How Do You Know If Your Students Are Learning?

Since I’m a math teacher, I love data. I know I’m in the minority. Collecting data on students shouldn’t be that difficult. How do you know if your students are really “getting it” if you don’t assess, collect data and plan accordingly?

I like to collect data on questions on tests. I want to know what the most missed questions were, so I can reteach that material again. If you don’t have time to collect the data yourself, let the students help. Have them go put tally’s on the board for the questions they missed! Now you can analyze the most missed questions.


It’s hard after a test to find time to reteach, so be creative! I have a resource for ideas on recycling weak objectives. Check it out!

Recycling Weak Objectives

When things are crazy at school and you feel like you are unorganized and you are behind in your curriculum, remember your real purpose: to teach kids! Really teach…so they learn. If they aren’t learning and you’re working harder than them, something is wrong. Take a deep breath and gain control. YOU know what is best for your students. Make sure they are truly learning.

When I was a young teacher I remember saying, “Well I taught it to them, so I can’t help it if they don’t know it.” That’s awful! I presented the material, but I didn’t check for understanding. I didn’t ask good questions and I apparently was not planning on reteaching. I hope you don’t make the same mistakes as me. Teaching is very rewarding when you see good results. Ask yourself when you are planning a lesson, “How will I know if they got it?” Formative assessments are quick checks to see if students understand.

Examples of formative assessment: Asking questions as you walk around, a quiz after a lesson, a ticket out, a quick write, partners retelling how to do a process…the list goes on. It doesn’t have to be spectacular, but it does need to be done on a daily basis.

Plan your formative assessments and you will be amazed. You will learn very quickly, what you need to immediately reteach. You will also figure out quickly how to teach it differently AND by the end of the day, you know the best way to teach that particular topic.



The Secret to Discipline!

For years I did not know what it took to have discipline in my classroom. I’m an easy going person and it’s not in my personality to deal with behavior. I’ve had some miserable years where I let kids get away with too much and I would go home exhausted and upset.

I usually give surveys at the end of the year to help me improve. One year in the survey, several kids said that they had a hard time learning in my classroom because I let kids disrupt the class and I did nothing about it. Wow! I felt awful. That woke me up. I looked at my classroom full of students a lot differently after that.

I was a coach for many years and I felt like if I wrote referrals and sent kids to the office, that it looked like I couldn’t handle my business in my room. Coaches are supposed to have total control, right? I also was lazy and didn’t want to go through all the steps it took. The thought of documentation, calling parents and setting up conferences was enough to keep me from finding a good method of dealing with behavior issues.

Here’s what I finally learned that worked for me:

Secret #1: Be firm. Not too nice and not too mean. You have to find a happy balance. If I say something, I have to stick to it. If I tell someone to be quiet or I’ll call their mom, then I have to call their mom. That’s not being mean, it’s doing what I said I was going to do.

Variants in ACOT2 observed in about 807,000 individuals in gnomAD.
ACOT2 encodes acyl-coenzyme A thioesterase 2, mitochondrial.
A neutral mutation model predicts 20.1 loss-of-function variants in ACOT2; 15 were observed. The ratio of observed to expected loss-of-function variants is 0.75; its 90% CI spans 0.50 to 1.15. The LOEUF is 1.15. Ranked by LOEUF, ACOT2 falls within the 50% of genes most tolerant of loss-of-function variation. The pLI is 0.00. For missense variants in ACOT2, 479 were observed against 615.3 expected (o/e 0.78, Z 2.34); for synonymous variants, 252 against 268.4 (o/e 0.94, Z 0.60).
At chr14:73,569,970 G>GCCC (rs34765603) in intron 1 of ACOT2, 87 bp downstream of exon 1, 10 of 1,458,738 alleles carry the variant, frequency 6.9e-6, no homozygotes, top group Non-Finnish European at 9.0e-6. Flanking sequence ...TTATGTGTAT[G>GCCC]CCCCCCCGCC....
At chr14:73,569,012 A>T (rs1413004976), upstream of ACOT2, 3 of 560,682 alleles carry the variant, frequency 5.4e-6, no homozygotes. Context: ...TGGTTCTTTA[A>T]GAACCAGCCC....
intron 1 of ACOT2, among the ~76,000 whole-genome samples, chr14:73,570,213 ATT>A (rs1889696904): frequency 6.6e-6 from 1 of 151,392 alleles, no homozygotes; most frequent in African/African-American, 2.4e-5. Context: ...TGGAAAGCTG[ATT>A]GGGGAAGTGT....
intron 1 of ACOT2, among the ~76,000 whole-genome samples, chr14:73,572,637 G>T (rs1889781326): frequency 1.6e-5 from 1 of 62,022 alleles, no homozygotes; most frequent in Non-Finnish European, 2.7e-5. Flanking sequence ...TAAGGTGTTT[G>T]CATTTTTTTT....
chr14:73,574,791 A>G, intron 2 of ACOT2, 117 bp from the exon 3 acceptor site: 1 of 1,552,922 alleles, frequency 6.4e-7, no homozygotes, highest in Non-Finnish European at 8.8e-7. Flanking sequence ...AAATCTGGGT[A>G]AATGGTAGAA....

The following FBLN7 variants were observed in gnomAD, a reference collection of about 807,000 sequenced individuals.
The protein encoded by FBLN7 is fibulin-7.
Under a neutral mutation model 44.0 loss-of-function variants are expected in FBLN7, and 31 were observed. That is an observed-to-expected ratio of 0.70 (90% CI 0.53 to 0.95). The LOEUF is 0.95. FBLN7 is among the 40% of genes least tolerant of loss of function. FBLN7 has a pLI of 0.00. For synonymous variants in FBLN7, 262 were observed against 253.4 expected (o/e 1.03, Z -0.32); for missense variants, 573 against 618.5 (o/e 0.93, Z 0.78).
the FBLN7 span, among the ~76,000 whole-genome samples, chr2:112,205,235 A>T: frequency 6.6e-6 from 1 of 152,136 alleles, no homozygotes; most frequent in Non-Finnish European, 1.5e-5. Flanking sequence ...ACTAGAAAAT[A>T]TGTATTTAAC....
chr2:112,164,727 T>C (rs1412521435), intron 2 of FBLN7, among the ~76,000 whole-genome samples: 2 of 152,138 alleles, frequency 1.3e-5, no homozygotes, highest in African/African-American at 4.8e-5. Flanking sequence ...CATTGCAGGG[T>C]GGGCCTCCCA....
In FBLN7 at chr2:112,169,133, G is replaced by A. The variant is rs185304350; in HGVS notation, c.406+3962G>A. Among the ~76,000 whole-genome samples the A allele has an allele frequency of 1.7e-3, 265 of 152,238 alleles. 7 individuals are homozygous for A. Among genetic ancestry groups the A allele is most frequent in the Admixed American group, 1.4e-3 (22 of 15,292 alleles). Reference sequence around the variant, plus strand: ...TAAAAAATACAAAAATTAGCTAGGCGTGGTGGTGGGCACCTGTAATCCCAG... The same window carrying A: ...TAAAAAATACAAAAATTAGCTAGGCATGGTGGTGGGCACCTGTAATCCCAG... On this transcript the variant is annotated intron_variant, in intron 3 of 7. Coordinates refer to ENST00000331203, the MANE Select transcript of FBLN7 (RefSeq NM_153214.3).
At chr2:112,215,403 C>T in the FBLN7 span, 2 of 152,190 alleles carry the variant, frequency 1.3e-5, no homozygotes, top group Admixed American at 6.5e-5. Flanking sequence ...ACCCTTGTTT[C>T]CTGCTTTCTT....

Secret #2:  Start from the beginning. It’s hard to try to discipline in the middle of the year. You will have a very hard time getting your students on track if you wait that long. On the first day of school, if you notice a kid that is already being rowdy, that’s a warning sign. Ninety-nine percent of your kids will be very quiet the first day of school. I’ve been teaching for 30 years and I’ve noticed that the kids that are bold and rowdy the first day could be the ones you need to start with right away. (Hey that rhymes! First Day…Right Away!)

Secret #3: Have a plan! Create a plan you can live with. It needs to be something that you will follow and something that your administration will back. It needs to include documentation, notifying parents and conferencing with the student. I have a plan in my TpT store that does exactly this:

Behavior Plan for Secondary Students

Go check it out if you’d like, but it might not fit your personality or your situation or grade level. My plan is for secondary students. It will probably work for students as young as 5th grade. If you are a young teacher, get with a veteran teacher and ask them what they do. You will be so glad that you put a plan in place. Your students will love you for this and you will be amazed at how much you can accomplish in a classroom where you can actually teach.

So remember:

*Be firm

*Start from the beginning

*Have a plan



Procedures in the Classroom

If you’ve been teaching awhile, you know how important it is to establish procedures in your classroom. It’s better to over do it than not at all! If you are new to teaching, do not assume students know how to get started when they walk into your room. Tell them your expectations. I go through my procedures using a PowerPoint presentation on the first day of school. Here are some of my slides:

Trust me when I tell you that your year will run smoothly if you have procedures in place. I’ve  learned the hard way. Ask fellow teachers that are teaching your same subject and/or grade level. They can help you with procedures. Yes, it takes time at the beginning to get things rolling, but stick with it! You will be so glad you did!

Let me know how your year is going. If you need a discipline plan to follow then you can find one in my TpT store.

Discipline Plan for Secondary Students